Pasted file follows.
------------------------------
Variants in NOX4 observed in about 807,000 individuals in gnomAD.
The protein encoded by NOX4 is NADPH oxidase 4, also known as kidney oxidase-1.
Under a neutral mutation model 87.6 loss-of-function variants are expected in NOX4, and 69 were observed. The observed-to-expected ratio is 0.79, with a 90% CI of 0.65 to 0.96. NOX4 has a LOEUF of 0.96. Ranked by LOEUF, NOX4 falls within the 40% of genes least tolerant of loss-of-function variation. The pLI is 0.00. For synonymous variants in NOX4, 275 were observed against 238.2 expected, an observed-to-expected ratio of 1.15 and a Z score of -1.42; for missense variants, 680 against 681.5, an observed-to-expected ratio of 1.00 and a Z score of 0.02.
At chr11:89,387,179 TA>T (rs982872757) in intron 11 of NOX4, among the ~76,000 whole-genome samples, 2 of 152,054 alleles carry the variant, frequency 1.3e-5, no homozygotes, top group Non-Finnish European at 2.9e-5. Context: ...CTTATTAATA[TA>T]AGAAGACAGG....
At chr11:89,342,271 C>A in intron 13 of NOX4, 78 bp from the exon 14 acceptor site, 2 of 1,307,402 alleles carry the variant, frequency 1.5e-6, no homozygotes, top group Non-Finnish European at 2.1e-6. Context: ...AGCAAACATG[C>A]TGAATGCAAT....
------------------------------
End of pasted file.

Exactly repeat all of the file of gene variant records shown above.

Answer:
Variants in NOX4 observed in about 807,000 individuals in gnomAD.
The protein encoded by NOX4 is NADPH oxidase 4, also known as kidney oxidase-1.
Under a neutral mutation model 87.6 loss-of-function variants are expected in NOX4, and 69 were observed. The observed-to-expected ratio is 0.79, with a 90% CI of 0.65 to 0.96. NOX4 has a LOEUF of 0.96. Ranked by LOEUF, NOX4 falls within the 40% of genes least tolerant of loss-of-function variation. The pLI is 0.00. For synonymous variants in NOX4, 275 were observed against 238.2 expected, an observed-to-expected ratio of 1.15 and a Z score of -1.42; for missense variants, 680 against 681.5, an observed-to-expected ratio of 1.00 and a Z score of 0.02.
At chr11:89,387,179 TA>T (rs982872757) in intron 11 of NOX4, among the ~76,000 whole-genome samples, 2 of 152,054 alleles carry the variant, frequency 1.3e-5, no homozygotes, top group Non-Finnish European at 2.9e-5. Context: ...CTTATTAATA[TA>T]AGAAGACAGG....
At chr11:89,342,271 C>A in intron 13 of NOX4, 78 bp from the exon 14 acceptor site, 2 of 1,307,402 alleles carry the variant, frequency 1.5e-6, no homozygotes, top group Non-Finnish European at 2.1e-6. Context: ...AGCAAACATG[C>A]TGAATGCAAT....